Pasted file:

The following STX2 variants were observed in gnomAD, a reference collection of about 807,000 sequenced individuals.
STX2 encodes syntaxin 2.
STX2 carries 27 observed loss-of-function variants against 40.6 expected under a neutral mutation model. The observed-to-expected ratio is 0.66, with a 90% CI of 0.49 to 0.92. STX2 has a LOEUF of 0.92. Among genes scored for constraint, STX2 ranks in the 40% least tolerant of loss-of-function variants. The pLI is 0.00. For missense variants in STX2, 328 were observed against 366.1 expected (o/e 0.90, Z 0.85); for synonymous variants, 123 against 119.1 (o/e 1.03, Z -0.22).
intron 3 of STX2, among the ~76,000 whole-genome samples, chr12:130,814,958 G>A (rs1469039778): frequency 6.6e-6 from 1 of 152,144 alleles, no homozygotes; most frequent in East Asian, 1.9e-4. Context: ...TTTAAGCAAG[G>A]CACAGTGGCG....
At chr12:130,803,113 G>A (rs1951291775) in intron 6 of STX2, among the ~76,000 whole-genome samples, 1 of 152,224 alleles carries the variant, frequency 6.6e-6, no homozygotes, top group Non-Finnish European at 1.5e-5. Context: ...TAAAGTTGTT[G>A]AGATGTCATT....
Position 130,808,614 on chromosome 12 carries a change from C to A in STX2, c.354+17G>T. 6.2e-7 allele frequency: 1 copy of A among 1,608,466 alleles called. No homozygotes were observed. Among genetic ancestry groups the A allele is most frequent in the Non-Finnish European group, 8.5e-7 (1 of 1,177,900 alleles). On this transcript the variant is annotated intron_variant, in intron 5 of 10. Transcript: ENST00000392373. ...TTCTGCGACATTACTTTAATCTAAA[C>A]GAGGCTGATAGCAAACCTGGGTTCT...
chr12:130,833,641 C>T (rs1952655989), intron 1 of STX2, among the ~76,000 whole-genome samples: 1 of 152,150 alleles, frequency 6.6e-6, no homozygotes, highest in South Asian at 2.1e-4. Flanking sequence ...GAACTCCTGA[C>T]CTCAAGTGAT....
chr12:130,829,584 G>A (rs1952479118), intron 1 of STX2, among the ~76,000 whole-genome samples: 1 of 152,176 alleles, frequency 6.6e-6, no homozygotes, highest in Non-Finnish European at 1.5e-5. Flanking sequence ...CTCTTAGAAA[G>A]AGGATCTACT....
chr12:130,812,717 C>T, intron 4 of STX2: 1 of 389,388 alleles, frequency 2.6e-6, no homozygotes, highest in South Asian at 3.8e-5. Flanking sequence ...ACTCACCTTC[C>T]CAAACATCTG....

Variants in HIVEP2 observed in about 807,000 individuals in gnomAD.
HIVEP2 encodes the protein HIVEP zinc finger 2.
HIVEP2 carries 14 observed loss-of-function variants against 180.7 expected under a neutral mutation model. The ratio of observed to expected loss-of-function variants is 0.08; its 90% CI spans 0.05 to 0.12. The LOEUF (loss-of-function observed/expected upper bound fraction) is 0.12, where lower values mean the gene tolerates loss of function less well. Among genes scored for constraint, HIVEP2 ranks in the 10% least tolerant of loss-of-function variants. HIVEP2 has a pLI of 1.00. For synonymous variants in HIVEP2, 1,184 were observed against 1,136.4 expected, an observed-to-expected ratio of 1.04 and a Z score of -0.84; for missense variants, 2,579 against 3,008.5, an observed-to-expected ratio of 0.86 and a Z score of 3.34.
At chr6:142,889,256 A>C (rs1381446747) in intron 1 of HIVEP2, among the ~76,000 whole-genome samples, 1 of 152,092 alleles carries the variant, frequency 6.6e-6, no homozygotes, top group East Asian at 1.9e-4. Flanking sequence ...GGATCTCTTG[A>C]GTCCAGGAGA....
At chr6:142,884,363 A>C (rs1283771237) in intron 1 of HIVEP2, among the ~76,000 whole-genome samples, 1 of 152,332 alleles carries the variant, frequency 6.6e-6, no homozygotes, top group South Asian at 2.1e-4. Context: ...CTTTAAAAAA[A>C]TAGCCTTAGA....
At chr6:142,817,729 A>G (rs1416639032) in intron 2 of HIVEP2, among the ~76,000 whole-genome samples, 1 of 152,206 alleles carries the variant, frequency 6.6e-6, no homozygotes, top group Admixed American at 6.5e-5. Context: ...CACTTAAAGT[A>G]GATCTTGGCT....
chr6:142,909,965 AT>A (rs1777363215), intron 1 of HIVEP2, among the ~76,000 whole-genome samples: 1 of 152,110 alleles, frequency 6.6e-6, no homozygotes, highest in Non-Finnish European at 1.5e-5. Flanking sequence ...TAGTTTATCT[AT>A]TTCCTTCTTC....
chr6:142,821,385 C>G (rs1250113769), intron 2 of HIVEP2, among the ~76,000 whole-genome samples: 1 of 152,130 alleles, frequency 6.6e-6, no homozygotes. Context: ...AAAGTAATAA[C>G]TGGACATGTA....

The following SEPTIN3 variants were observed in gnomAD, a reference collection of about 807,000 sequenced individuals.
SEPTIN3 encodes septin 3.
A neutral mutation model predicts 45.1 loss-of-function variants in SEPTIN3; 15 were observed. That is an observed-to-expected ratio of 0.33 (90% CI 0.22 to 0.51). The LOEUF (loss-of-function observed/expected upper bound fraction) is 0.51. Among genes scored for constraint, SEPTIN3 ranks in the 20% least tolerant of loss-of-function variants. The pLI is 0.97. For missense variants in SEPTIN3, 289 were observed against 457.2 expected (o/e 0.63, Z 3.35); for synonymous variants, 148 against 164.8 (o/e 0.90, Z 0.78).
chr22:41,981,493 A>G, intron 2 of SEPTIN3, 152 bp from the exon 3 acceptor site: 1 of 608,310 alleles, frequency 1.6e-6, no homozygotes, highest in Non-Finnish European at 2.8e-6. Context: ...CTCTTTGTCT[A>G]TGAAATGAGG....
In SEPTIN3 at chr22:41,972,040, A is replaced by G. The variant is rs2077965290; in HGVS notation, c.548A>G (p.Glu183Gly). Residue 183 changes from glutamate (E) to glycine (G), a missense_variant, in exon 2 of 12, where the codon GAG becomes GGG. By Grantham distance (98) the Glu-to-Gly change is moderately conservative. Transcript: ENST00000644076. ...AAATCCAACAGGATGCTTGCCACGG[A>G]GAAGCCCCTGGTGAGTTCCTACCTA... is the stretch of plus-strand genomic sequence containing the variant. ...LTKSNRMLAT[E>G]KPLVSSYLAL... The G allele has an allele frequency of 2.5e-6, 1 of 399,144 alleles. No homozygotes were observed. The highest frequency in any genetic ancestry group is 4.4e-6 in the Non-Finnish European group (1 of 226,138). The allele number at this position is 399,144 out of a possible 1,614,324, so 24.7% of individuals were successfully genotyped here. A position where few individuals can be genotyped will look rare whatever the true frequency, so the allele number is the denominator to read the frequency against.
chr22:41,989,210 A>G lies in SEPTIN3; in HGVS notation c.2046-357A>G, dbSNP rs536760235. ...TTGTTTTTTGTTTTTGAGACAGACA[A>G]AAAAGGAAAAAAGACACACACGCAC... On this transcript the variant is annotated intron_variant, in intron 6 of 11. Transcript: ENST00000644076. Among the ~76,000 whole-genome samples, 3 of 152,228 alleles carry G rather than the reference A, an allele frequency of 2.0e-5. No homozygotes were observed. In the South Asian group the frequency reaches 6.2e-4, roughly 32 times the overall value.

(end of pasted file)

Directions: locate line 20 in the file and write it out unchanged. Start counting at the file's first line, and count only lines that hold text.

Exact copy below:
A neutral mutation model predicts 45.1 loss-of-function variants in SEPTIN3; 15 were observed. That is an observed-to-expected ratio of 0.33 (90% CI 0.22 to 0.51). The LOEUF (loss-of-function observed/expected upper bound fraction) is 0.51. Among genes scored for constraint, SEPTIN3 ranks in the 20% least tolerant of loss-of-function variants. The pLI is 0.97. For missense variants in SEPTIN3, 289 were observed against 457.2 expected (o/e 0.63, Z 3.35); for synonymous variants, 148 against 164.8 (o/e 0.90, Z 0.78).